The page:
Estimation of alkaloids
There is no universal method which can be applied to quantify analytically all the classes of alkaloids. Thus alkaloids in the free base form are difficult to crystallize whereas their salts crystallize comparatively easily. A rapid, easy, and simple spectrophotometric method was developed for the estimation of total alkaloids precipitated by Dragendorff's reagent in plant materials. It is based on the formation of yellow bismuth complex in nitric acid medium with thiourea. The yellow-colored complex formed obeys Lambert-Beer's law in the concentration range of 0.06-50 micro g/ml with λ at 435 nm. Using this method, the alkaloidal percentage of certain alkaloids (ajamalicine, papaverine, cinchonine, piperine, berberine) and some plant materials containing alkaloids (Berberis aristata, Solanum nigrum, and Piper longum3,8,9.
Thin Layer Chromatography (Silica gel 60 F 254 pre-coated TLC plates)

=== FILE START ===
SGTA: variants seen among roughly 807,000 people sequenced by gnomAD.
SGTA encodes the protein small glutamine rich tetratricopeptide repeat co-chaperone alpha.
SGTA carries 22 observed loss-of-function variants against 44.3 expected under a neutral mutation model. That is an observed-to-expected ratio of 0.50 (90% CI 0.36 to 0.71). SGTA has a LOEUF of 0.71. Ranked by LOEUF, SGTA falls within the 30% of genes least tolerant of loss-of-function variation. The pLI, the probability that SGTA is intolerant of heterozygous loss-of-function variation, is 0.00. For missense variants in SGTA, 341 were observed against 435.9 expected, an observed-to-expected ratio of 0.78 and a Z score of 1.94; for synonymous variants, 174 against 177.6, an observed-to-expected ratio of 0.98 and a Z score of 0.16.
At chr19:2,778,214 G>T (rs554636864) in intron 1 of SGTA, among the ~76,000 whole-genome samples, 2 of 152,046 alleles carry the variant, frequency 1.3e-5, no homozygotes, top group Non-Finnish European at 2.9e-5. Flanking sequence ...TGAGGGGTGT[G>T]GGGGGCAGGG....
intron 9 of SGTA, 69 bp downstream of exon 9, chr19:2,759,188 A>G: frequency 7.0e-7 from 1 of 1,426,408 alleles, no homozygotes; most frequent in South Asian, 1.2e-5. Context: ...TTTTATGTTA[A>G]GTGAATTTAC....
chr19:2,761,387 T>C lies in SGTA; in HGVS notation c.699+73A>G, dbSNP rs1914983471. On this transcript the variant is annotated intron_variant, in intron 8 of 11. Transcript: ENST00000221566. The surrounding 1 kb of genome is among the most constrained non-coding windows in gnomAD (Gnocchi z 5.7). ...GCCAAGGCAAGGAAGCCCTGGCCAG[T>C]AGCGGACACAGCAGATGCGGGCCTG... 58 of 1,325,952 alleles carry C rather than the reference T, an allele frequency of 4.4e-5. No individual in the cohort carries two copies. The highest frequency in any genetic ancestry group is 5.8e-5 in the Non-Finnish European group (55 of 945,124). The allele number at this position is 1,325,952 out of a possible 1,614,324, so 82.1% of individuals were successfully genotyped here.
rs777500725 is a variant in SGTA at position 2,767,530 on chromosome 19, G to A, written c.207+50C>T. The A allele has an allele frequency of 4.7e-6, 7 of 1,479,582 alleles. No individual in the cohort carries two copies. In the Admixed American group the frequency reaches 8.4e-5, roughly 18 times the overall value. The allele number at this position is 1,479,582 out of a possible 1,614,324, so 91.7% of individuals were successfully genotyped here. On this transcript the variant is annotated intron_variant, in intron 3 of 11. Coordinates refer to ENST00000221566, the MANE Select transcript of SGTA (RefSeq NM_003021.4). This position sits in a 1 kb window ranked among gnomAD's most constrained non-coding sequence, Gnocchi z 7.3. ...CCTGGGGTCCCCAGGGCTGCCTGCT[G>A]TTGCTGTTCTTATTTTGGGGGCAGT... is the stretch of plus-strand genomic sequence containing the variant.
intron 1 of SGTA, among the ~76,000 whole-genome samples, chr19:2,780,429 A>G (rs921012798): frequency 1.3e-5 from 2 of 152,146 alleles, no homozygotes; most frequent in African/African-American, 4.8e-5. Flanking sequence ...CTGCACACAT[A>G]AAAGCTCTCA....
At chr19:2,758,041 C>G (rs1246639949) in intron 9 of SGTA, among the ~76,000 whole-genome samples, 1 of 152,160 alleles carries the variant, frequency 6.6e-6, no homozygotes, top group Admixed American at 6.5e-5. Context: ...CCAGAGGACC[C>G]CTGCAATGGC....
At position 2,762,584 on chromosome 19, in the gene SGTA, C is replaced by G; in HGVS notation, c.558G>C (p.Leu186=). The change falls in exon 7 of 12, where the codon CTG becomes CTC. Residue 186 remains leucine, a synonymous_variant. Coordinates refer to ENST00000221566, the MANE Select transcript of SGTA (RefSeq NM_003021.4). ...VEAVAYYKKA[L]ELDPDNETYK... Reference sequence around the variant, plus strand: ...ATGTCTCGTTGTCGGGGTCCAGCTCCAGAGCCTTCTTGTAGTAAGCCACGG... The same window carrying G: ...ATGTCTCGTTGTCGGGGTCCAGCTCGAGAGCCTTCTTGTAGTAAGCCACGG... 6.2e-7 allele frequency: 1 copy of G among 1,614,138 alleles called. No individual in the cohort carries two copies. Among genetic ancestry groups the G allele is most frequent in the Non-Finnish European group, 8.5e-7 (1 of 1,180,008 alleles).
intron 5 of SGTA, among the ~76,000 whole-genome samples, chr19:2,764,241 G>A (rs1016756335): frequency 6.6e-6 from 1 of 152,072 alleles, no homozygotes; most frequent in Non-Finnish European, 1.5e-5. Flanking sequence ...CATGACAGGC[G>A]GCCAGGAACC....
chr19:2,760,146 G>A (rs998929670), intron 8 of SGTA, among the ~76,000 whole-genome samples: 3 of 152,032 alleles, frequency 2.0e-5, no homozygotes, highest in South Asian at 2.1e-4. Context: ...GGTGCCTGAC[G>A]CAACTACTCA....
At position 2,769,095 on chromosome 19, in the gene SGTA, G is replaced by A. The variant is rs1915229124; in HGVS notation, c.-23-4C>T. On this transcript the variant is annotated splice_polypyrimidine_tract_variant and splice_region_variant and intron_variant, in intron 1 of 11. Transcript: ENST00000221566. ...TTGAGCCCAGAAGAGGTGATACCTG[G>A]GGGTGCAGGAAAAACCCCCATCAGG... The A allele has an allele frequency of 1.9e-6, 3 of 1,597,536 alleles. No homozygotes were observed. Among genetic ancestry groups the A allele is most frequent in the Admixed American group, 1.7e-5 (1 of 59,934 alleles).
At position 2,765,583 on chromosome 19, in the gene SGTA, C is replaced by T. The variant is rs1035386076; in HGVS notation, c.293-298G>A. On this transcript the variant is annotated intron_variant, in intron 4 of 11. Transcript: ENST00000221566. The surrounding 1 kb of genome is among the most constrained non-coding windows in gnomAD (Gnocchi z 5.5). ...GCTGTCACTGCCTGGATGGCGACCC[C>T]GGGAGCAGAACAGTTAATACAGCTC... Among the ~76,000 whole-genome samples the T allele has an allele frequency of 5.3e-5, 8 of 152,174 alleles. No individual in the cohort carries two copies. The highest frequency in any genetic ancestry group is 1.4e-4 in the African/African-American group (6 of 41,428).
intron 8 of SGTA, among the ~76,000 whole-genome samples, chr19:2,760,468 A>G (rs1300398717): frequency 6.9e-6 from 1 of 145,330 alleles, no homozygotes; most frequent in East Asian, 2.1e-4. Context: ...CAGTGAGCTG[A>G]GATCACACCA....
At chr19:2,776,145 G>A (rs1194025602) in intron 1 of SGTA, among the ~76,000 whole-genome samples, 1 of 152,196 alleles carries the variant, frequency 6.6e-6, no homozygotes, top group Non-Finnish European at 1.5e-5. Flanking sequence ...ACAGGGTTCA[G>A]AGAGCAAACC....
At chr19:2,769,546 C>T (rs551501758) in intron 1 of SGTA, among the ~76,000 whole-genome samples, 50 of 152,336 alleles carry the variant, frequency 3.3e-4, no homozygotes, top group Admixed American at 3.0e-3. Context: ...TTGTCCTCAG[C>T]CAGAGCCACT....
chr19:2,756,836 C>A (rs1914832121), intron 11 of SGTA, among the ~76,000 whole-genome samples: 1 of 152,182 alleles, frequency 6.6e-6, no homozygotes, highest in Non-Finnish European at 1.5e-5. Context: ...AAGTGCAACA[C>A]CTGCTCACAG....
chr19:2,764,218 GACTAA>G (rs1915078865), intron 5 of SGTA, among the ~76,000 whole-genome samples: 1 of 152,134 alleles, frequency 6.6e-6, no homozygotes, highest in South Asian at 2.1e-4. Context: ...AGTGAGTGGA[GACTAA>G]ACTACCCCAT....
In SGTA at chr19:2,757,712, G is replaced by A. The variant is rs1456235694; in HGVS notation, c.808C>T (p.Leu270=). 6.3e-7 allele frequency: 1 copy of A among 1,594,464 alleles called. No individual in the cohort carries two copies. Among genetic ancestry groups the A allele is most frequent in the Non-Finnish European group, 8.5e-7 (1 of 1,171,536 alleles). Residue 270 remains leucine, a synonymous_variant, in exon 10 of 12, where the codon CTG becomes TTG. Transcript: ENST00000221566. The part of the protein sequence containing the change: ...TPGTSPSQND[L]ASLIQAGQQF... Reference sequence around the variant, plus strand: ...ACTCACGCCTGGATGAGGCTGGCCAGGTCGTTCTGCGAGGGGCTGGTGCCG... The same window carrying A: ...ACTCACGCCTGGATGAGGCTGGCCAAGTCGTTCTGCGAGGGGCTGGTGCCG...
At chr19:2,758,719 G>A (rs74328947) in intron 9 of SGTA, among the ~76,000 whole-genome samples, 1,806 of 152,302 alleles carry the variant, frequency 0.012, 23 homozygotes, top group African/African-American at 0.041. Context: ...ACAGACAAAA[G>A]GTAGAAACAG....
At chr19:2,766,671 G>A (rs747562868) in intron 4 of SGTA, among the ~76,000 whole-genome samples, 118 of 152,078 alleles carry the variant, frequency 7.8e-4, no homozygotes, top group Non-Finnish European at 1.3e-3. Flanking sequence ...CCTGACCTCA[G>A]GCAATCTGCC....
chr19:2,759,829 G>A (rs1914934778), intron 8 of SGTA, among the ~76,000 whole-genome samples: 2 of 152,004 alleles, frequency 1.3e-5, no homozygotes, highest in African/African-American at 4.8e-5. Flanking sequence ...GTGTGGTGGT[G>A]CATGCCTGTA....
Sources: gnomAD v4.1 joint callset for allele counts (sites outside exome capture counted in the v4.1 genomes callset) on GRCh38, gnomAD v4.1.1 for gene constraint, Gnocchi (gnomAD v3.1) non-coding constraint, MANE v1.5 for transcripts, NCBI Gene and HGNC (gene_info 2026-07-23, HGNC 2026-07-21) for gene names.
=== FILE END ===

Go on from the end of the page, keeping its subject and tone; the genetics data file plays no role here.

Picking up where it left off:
Toluene-ethyl acetate-diethylamine (70:20:10) is suitable for most of the drugs. Most of the alkaloids are separated on silicic acid. Aluminium oxide-precoated TLC plates may also be employed. With Dragendorff reagent alkaloids spontaneously give orange-brown color, which is usually stable in visible light. Dragendorff reagent followed by spay with sodium nitrite can also be tried to intensify the color developed by former reagent. Extract dried tissue from the plant with 10% acetic acid in ethanol, leave to stand for few hours. Concentrate the extract to one-quarter of the original volume and alkaloids are then precipitated by drop wise addition of concentrated NH4OH. Former is collected by centrifugation, washing with 1%NH4OH. Residue is then dissolved in ethanol or chloroform. Commonly employed and most informative solvent systems and other requirement are as under: Methanol: Con. NH4OH (200:3) and n-butanol-aqueous citric acid (on sodium citrate-buffeted paper) Detection of the spots: Presence of alkaloids is ascertained by any fluorescence in UV light and then by application of following spray reagents separately: Dragendorff, iodoplatinate and Marquis 5,11